Florida state

Former Florida State head coach, strength coach embroiled in $125.5 million lawsuit

A lawsuit filed against the University of Oregon, former football coach Willie Taggart, former strength coach Irele Oderinde and the NCAA by a former player in 2019 is back in the news this week after the start of the trial Tuesday in Eugene.

Former Oregon offensive lineman Doug Brenner recently added $100 million in punitive damages to the lawsuit in an amendment filed March 24 in Oregon State Circuit Court. Brenner is also seeking $25.5 million in total damages from all defendants involved.

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According to USA Today, Brenner’s suit details a 2017 practice that resulted in his and two other players being hospitalized for rhabdomyolysis. According to the CDC, it is a serious condition that can be fatal or lead to permanent disability. Rhabdo occurs when damaged muscle tissue releases its proteins and electrolytes into the blood. These substances can damage the heart and kidneys and lead to permanent disability or even death.

Taggart was hired by Oregon to replace former coach Mark Helfrich after the 2016 season. He brought in Oderinde as a strength coach after working with him for several seasons at USF. According to the lawsuit, Taggart advised the Ducks players that the new staff would “focus on the discipline of strength and conditioning and that they would ‘find the snakes in the grass and chop off their heads.'”

The lawsuit goes on to allege that the practice began with Oderinde and his team asking a group of players to perform 10 perfect push-ups in unison. This progressed into coaches pushing players to perform hundreds of push-ups and dips without proper rest. At least on the first day, it is alleged that they were prevented from drinking water during practices.

Brenner claimed he suffered permanent kidney damage as a result of his condition and saw his life expectancy cut by ten years. One of the other hospitalized players, former offensive lineman Sam Poutasi, is also involved in a lawsuit surrounding the same parties.

“For decades, the NCAA refused to ban these remarkably dangerous training drills — drills designed to punish rather than condition,” Kafoury told USA Today. “They refused to do so out of concern for the interests of their own organization, rather than the safety of young athletes.”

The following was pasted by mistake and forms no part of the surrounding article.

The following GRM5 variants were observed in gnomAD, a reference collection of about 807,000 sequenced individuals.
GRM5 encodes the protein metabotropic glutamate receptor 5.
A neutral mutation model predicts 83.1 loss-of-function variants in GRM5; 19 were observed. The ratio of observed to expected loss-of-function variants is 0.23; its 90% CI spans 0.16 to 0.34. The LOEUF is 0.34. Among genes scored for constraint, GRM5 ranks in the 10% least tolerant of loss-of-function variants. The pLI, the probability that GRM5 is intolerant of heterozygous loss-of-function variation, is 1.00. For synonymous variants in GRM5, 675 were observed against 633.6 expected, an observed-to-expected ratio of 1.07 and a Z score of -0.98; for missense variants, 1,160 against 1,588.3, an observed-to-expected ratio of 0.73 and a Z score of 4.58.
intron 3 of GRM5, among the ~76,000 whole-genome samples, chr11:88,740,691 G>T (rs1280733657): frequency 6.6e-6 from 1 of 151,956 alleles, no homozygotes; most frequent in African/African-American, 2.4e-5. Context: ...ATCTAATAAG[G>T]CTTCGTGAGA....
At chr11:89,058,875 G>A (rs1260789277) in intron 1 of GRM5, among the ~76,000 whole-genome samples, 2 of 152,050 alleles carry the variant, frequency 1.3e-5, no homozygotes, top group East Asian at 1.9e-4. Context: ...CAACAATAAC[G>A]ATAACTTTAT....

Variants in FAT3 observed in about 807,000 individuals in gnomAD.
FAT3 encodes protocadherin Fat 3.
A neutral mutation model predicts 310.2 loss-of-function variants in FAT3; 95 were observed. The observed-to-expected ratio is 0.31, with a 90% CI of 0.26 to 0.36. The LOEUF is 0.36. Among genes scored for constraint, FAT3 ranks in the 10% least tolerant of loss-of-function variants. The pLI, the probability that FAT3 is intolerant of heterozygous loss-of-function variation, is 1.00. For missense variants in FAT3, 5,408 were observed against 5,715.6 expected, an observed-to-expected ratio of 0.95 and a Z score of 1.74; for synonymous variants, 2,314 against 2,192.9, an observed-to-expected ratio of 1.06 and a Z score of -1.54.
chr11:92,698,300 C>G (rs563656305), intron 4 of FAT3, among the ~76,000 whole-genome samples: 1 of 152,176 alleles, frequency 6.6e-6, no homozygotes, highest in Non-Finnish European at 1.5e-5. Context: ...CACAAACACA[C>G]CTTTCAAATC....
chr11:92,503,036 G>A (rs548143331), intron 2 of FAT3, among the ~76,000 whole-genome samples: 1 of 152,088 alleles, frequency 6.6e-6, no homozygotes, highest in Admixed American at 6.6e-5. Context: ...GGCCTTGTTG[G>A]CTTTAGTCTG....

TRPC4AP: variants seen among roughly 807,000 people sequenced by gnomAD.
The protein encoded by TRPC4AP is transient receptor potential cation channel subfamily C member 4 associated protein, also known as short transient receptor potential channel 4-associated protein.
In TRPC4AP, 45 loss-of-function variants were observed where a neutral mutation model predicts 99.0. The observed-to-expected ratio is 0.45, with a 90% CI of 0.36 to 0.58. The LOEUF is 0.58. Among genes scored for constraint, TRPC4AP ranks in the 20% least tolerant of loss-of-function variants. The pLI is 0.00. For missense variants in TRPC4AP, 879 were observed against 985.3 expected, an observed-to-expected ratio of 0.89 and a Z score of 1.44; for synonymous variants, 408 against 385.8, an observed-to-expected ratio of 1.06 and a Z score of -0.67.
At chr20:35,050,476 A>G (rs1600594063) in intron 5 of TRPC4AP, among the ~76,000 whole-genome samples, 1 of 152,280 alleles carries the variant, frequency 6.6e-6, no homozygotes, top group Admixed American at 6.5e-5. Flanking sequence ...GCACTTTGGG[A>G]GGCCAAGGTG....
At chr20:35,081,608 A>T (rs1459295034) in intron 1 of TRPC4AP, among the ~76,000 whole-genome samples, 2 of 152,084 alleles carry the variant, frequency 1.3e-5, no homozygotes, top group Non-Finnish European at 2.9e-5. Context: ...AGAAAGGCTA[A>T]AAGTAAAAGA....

“We are asking for a punitive indemnity large enough to force them to change their minds.”

Oregon suspended Oderinde for a month without pay following the hospitalizations. Further, the lawsuit states, Oderinde did not hold the certification required by the industry to be a strength and conditioning coach for the school.

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A spokesperson for the University of Oregon released a statement to ESPN on Sunday disagreeing with Brenner’s claims.

“The health and safety of our students is our top priority. There was a quick response to Doug Brenner’s injury and he received the best care possible. We are grateful that he has made a full recovery and is was able to play in the 2017 season. and also graduated from the University of Oregon. We disagree with the assertions of Mr. Brenner’s attorneys in their lawsuit and will address them in court.”

Brenner played seven games under Taggart in 2017 before suffering a career-ending hip injury. Poutasi contributed in a reserve role in 2017 and for each of the following three seasons before graduating at the end of 2020.

After a year at Oregon, Taggart accepted a head coaching position at Florida State. He went 9-12 in Tallahassee before being fired before finishing his second season with the Seminoles following a home loss to Miami. Since then, Taggart has landed at Florida Atlantic, going 10-11 in his first two years with the Owls.

Taggart, who will be present for the proceedings, released a statement to ESPN ahead of Tuesday.

“I care about each of the players I have coached as if they were my own sons, and I want each of them to succeed on and off the pitch. I would never want any of them to suffer an injury. I don’t agree with the things Doug Brenner said in his complaint and I’m sorry that we’re involved in this lawsuit. But I still wish him the best.

Oderine joined Taggart at Florida State in the same position. After Taggart’s layoff, Oderine returned to USF, where he is now the head strength and conditioning coach for the women’s basketball team and the men’s golf program.

The Seminoles are paying Taggart an annual buyout of more than $4.25 million a year through 2024.

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